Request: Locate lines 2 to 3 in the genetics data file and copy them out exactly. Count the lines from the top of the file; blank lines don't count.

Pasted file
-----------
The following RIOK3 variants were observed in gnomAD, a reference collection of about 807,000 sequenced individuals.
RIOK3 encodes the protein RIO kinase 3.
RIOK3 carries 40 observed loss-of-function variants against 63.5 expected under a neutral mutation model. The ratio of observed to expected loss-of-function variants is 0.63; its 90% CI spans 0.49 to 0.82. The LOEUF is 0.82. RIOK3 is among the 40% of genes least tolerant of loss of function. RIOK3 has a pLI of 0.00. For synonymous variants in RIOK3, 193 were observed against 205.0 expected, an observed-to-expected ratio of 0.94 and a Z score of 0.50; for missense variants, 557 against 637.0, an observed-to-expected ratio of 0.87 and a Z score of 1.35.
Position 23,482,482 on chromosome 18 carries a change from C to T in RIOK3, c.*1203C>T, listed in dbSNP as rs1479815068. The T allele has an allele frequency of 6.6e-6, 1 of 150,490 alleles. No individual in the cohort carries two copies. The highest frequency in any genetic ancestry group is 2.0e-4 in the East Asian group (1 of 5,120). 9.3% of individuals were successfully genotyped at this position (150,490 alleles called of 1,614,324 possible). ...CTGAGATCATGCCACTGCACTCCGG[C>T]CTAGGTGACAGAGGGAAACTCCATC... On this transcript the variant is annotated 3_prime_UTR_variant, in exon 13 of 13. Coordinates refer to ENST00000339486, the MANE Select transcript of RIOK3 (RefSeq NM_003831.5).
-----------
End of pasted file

RIOK3 encodes the protein RIO kinase 3.
RIOK3 carries 40 observed loss-of-function variants against 63.5 expected under a neutral mutation model. The ratio of observed to expected loss-of-function variants is 0.63; its 90% CI spans 0.49 to 0.82. The LOEUF is 0.82. RIOK3 is among the 40% of genes least tolerant of loss of function. RIOK3 has a pLI of 0.00. For synonymous variants in RIOK3, 193 were observed against 205.0 expected, an observed-to-expected ratio of 0.94 and a Z score of 0.50; for missense variants, 557 against 637.0, an observed-to-expected ratio of 0.87 and a Z score of 1.35.